Remember those commercials by H&R Block where they emphatically stated: “Get Your Billions Back America.” Well several clients has posed the question, what does it really mean? Well, their advertisement states that about 1 in 5 taxpayers who prepare a return themselves “leave money on the table by not claiming all of the tax credits and deductions for which they qualify.” In our opinion however, we believe that getting part of your billions back was really a well intended marketing scheme in order for H&R to drum up new business in the preparation of old tax returns.
Pursuant to IRS rules you are only entitled to get a refund that’s up to three years old – this means that you can currently file back returns for 2015, 2014, and 2013 – if those returns yielded refunds – you would be entitled. However if you were supposed to get a refund for the 2012 or any prior year and are just filing your return now – you would not be entitled to your refund. (The 2013 return needs to be filed prior to April 15, 2017 to be refund entitled)
We often represent taxpayers who have not filed returns for several years and need to file their back returns. It is not uncommon for us to represent a client who may have been entitled to refunds for several years and ends up losing those refunds because they negligently failed to file. In one instance we recently represented a client who forewent over $50,000 in refunds over a 10 year period.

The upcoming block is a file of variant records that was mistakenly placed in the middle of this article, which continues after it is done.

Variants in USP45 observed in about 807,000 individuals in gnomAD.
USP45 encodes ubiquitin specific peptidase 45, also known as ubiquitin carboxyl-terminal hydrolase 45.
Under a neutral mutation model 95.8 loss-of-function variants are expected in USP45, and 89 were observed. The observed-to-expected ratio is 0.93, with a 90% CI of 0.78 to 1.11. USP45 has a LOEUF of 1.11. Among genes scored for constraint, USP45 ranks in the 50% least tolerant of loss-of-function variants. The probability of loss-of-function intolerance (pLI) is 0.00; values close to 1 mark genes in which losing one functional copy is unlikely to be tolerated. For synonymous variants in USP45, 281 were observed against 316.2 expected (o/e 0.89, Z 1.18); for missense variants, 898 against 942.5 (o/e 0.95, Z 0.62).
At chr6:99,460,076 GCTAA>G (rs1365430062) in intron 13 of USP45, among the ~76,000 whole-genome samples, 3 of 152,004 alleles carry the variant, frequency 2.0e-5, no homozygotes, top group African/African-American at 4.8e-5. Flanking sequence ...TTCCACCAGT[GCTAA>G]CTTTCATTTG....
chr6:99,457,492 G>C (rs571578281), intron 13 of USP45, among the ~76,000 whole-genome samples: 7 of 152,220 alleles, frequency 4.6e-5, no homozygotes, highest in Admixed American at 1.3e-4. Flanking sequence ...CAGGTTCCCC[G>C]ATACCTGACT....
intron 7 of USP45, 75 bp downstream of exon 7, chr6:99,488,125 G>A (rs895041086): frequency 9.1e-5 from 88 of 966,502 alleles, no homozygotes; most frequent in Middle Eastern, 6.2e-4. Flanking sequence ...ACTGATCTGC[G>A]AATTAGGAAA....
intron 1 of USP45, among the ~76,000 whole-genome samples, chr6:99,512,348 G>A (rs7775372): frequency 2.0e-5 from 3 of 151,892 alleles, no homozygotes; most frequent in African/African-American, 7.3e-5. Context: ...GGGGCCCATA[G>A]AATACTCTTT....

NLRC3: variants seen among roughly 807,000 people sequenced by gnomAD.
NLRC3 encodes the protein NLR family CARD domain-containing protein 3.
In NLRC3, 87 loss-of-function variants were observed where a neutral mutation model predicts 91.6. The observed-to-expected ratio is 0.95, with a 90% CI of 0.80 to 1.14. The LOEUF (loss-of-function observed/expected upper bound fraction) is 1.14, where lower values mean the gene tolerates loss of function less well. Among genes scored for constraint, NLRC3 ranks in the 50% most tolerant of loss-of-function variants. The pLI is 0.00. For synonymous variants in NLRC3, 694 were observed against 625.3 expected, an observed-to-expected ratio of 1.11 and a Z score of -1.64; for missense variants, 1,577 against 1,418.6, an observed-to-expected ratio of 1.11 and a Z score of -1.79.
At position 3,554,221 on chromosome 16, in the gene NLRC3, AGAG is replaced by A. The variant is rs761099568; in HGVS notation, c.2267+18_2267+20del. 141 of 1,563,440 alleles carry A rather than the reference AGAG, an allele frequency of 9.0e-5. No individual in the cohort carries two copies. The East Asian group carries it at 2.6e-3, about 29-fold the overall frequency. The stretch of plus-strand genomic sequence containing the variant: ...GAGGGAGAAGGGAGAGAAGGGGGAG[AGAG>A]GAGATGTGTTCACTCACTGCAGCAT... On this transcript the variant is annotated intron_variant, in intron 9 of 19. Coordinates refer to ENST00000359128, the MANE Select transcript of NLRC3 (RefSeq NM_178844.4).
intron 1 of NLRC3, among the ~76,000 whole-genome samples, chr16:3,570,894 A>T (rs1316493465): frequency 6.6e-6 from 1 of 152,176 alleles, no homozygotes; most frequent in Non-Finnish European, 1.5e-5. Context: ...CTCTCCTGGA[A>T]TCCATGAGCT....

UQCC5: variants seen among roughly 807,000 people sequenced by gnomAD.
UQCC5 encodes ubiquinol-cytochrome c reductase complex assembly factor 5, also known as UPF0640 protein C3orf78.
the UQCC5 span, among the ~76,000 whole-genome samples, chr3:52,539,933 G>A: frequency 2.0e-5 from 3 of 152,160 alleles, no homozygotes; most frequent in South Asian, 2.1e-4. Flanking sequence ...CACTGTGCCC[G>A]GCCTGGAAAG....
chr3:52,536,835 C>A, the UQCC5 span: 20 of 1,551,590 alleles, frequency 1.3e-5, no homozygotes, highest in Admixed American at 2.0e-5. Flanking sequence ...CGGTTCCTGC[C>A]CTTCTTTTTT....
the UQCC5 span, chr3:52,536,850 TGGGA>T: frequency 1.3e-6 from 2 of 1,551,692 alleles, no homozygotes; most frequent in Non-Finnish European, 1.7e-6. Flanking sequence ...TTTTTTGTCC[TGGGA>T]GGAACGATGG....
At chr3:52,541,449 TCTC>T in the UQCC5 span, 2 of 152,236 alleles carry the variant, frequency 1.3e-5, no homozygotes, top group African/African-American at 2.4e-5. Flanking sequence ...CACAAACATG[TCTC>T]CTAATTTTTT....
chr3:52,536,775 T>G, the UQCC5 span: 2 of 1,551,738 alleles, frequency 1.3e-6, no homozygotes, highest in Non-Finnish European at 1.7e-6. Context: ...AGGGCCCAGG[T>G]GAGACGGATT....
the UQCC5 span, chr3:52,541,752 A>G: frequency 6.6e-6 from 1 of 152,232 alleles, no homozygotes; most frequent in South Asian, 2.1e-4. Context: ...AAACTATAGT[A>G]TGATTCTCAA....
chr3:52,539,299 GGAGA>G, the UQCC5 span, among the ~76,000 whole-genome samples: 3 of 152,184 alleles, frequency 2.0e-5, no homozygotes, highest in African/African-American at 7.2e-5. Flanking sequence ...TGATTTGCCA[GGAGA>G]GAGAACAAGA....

The IRS really only wants taxpayers to be “current and compliant.” If you are a current client of our firm you will often hear us preach the necessity of being current and compliant. “Current” means that you have filed all of your tax returns due, and “compliant” means that you either have proper withholding or are making estimated tax payments on a regular basis.
Now, if you don’t file a return and are due a refund, the IRS will not give you the benefit of a refund past the three year period. However, if you were to owe money and didn’t file, the IRS may file a return on your behalf called a “substitute return” or an “SFR.” The concept of an SFR is based off of the IRS computer which will calculate out tax due off of your Wage and Income Transcript to see whether you may owe tax. The computer will then take into account a cost-benefit-analysis whereby it will determine whether the cost of pursuing the outstanding liabilities, or taxes, is outweighed by benefit of capturing the liability due.
If you have outstanding returns that have not been filed contact our office to schedule a free consultation.